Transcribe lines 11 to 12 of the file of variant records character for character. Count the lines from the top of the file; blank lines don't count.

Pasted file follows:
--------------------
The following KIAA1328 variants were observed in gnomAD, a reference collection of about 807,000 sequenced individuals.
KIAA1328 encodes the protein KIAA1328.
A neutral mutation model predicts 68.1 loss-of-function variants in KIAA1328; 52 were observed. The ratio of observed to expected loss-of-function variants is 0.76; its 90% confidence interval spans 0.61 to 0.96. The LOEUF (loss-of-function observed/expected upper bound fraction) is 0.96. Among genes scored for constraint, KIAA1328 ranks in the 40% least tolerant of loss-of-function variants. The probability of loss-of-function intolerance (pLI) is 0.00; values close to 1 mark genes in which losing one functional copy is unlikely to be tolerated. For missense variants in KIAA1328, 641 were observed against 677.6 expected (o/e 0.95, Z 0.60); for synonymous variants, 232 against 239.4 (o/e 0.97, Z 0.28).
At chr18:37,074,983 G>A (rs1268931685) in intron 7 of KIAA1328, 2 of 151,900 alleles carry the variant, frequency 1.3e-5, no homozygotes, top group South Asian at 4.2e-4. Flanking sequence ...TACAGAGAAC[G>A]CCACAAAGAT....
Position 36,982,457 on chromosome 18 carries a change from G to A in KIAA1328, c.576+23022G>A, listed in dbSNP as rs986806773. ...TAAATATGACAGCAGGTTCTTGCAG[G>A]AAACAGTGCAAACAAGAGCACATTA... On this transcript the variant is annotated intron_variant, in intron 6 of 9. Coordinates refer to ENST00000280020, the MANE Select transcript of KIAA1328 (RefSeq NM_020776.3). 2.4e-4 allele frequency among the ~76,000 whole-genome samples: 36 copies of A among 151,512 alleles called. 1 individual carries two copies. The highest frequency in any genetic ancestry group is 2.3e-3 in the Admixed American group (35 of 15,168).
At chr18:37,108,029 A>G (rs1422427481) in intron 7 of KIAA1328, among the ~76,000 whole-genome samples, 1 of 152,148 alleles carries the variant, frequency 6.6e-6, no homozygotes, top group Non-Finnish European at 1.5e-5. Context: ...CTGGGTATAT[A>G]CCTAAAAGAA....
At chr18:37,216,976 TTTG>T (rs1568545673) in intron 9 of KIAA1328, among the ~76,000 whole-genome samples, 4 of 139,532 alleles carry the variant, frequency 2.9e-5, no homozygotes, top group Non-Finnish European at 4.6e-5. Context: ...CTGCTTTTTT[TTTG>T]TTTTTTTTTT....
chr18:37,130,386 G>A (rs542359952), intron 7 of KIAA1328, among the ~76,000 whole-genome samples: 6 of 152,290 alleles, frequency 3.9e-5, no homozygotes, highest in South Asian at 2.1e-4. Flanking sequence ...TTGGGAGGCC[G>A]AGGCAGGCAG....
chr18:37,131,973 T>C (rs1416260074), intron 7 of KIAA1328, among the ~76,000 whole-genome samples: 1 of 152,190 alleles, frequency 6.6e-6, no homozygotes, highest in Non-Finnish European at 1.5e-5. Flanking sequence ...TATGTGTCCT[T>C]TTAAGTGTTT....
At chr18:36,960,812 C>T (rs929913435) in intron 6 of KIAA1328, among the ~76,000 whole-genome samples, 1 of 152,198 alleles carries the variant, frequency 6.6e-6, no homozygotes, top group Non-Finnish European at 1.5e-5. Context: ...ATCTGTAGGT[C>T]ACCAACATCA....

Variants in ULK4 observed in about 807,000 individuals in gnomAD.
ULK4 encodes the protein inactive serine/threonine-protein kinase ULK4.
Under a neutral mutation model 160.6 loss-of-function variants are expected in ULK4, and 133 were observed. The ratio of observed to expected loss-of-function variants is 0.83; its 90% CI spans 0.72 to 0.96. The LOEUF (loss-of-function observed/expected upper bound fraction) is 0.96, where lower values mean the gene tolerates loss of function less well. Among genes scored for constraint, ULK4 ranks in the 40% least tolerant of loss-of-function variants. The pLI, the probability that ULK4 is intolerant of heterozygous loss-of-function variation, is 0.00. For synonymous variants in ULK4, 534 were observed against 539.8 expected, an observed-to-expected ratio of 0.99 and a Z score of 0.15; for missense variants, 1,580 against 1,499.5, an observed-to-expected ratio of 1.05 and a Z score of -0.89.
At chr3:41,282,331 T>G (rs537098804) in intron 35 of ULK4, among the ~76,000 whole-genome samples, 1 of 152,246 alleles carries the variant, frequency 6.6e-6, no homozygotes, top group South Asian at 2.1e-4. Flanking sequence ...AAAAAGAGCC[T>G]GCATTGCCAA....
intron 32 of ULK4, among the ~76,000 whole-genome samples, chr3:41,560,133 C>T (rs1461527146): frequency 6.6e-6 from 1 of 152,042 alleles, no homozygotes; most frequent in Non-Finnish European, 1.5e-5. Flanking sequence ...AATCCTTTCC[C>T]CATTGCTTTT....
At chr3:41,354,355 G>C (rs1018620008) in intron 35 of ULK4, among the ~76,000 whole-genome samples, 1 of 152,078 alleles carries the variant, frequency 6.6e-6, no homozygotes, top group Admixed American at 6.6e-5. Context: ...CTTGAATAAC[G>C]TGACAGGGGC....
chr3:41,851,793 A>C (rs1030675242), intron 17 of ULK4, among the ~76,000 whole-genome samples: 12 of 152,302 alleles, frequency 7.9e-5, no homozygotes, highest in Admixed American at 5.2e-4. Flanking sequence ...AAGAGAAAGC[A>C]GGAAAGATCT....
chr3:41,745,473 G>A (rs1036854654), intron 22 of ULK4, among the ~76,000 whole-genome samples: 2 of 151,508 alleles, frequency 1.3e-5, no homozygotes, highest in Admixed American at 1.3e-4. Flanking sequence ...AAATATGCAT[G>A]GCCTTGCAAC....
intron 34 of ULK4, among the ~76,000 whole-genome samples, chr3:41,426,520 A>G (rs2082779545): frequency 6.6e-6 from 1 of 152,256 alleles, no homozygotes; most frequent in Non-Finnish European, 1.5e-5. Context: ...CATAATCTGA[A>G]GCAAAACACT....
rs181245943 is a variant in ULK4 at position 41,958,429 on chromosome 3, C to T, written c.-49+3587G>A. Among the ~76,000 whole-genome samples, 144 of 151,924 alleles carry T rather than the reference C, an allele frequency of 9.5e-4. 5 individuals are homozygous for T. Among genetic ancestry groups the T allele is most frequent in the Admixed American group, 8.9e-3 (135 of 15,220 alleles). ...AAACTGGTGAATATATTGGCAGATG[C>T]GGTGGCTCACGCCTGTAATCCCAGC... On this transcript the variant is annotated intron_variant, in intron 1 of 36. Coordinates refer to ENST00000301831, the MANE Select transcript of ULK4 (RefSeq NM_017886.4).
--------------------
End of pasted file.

Variants in ULK4 observed in about 807,000 individuals in gnomAD.
ULK4 encodes the protein inactive serine/threonine-protein kinase ULK4.